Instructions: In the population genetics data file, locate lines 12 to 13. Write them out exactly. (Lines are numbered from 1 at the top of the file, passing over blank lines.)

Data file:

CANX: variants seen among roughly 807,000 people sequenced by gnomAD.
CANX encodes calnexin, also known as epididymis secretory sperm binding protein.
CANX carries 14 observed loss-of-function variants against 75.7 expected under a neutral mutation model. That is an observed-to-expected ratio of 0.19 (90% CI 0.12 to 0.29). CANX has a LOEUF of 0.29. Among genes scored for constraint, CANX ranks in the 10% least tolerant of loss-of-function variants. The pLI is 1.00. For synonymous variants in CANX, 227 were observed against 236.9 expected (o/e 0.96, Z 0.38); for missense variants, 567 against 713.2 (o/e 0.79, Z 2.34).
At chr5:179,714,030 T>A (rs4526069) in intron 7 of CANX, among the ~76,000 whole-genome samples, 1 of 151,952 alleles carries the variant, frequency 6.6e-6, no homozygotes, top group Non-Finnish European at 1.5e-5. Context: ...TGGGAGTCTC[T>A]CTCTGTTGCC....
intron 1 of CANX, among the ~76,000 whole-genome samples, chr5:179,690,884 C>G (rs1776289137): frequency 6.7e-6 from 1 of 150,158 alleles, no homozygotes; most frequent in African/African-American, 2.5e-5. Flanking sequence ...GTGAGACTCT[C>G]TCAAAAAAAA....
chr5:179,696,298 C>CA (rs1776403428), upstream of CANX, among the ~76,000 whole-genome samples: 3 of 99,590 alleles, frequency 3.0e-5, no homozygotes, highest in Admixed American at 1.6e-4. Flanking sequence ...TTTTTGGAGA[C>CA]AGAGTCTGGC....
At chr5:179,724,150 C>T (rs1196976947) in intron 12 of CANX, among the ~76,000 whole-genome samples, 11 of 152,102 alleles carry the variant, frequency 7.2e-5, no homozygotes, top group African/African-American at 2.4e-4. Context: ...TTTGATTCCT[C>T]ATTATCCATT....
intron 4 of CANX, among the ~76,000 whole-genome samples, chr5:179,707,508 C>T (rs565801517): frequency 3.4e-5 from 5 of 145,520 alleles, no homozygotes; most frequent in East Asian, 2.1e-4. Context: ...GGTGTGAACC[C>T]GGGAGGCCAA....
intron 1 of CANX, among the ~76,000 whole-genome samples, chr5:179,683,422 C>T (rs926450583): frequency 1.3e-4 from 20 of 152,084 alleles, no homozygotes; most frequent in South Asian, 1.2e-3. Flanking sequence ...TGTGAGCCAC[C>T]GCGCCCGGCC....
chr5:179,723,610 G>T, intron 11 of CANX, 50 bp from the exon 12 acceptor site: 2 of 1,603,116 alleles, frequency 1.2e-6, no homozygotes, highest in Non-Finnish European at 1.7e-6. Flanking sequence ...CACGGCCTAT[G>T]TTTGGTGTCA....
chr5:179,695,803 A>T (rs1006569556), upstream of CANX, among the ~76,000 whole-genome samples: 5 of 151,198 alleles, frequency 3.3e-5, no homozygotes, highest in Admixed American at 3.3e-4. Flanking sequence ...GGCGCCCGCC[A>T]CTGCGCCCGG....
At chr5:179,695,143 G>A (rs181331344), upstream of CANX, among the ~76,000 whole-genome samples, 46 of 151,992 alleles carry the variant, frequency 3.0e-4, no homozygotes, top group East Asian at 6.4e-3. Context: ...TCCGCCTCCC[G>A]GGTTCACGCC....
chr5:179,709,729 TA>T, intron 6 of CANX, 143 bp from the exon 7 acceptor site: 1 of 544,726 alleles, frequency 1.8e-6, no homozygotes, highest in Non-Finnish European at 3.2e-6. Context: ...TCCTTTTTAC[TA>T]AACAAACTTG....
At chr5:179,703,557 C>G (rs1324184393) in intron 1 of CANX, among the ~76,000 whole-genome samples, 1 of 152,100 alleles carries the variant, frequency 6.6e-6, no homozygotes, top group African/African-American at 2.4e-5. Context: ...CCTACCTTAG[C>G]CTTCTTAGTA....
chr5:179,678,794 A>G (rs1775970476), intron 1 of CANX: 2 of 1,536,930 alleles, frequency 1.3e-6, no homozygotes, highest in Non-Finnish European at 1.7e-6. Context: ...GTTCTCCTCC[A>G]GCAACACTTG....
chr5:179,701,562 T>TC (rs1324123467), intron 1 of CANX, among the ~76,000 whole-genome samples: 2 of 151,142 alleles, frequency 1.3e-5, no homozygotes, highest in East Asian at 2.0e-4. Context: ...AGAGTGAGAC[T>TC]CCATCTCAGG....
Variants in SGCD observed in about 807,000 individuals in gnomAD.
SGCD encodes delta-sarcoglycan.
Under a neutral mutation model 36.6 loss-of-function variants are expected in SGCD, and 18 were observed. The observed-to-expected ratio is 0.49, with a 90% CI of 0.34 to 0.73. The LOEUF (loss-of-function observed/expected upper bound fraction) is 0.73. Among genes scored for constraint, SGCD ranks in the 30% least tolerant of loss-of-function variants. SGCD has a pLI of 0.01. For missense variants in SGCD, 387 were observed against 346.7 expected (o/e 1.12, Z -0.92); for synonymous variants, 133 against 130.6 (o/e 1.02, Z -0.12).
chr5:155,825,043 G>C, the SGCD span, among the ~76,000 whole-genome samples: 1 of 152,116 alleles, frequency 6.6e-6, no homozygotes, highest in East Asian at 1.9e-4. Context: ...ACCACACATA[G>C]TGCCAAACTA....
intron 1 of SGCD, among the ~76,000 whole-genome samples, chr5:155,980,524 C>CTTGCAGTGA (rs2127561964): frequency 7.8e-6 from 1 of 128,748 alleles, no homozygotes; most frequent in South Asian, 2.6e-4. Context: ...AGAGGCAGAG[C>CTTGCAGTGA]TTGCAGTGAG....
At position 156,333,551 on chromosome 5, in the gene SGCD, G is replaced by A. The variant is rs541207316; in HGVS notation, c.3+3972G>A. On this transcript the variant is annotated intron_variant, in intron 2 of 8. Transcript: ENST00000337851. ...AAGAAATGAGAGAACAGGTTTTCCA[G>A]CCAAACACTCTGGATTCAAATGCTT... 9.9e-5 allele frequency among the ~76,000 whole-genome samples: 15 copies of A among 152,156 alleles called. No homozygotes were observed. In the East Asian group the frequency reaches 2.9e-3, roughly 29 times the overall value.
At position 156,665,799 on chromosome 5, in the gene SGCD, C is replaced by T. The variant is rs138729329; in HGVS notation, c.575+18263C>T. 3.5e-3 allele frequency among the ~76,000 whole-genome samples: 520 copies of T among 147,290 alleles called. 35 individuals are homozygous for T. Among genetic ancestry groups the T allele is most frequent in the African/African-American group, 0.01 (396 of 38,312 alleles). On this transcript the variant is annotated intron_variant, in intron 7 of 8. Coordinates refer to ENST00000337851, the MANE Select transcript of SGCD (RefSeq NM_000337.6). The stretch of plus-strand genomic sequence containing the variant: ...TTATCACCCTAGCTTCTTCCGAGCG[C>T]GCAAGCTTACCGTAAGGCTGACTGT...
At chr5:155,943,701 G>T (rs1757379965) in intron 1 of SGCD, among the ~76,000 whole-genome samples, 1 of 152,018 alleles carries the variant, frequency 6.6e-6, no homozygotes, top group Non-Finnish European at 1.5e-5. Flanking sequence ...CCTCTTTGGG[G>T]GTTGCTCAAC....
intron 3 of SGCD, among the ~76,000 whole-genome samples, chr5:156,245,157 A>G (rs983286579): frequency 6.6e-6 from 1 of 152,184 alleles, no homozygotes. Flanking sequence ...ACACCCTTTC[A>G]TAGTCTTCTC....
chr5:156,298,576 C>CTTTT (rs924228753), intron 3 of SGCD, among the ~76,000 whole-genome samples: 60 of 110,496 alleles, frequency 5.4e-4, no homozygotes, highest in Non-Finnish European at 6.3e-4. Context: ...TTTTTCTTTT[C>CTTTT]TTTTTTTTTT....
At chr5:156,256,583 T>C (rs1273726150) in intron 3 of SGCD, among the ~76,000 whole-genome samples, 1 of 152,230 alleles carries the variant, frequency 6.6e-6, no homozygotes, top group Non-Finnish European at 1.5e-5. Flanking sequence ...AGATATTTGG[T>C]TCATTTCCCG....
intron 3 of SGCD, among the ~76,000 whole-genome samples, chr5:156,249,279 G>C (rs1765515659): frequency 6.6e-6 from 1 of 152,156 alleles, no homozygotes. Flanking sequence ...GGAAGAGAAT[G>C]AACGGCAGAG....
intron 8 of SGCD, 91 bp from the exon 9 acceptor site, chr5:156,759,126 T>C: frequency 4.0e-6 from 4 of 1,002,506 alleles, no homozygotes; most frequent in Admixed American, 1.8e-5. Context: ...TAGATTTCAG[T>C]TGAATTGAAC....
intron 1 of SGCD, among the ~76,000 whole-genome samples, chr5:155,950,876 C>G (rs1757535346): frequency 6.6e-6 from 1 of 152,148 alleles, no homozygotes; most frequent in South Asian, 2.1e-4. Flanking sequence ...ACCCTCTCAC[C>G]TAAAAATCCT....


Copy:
At chr5:179,695,143 G>A (rs181331344), upstream of CANX, among the ~76,000 whole-genome samples, 46 of 151,992 alleles carry the variant, frequency 3.0e-4, no homozygotes, top group East Asian at 6.4e-3. Context: ...TCCGCCTCCC[G>A]GGTTCACGCC....
chr5:179,709,729 TA>T, intron 6 of CANX, 143 bp from the exon 7 acceptor site: 1 of 544,726 alleles, frequency 1.8e-6, no homozygotes, highest in Non-Finnish European at 3.2e-6. Context: ...TCCTTTTTAC[TA>T]AACAAACTTG....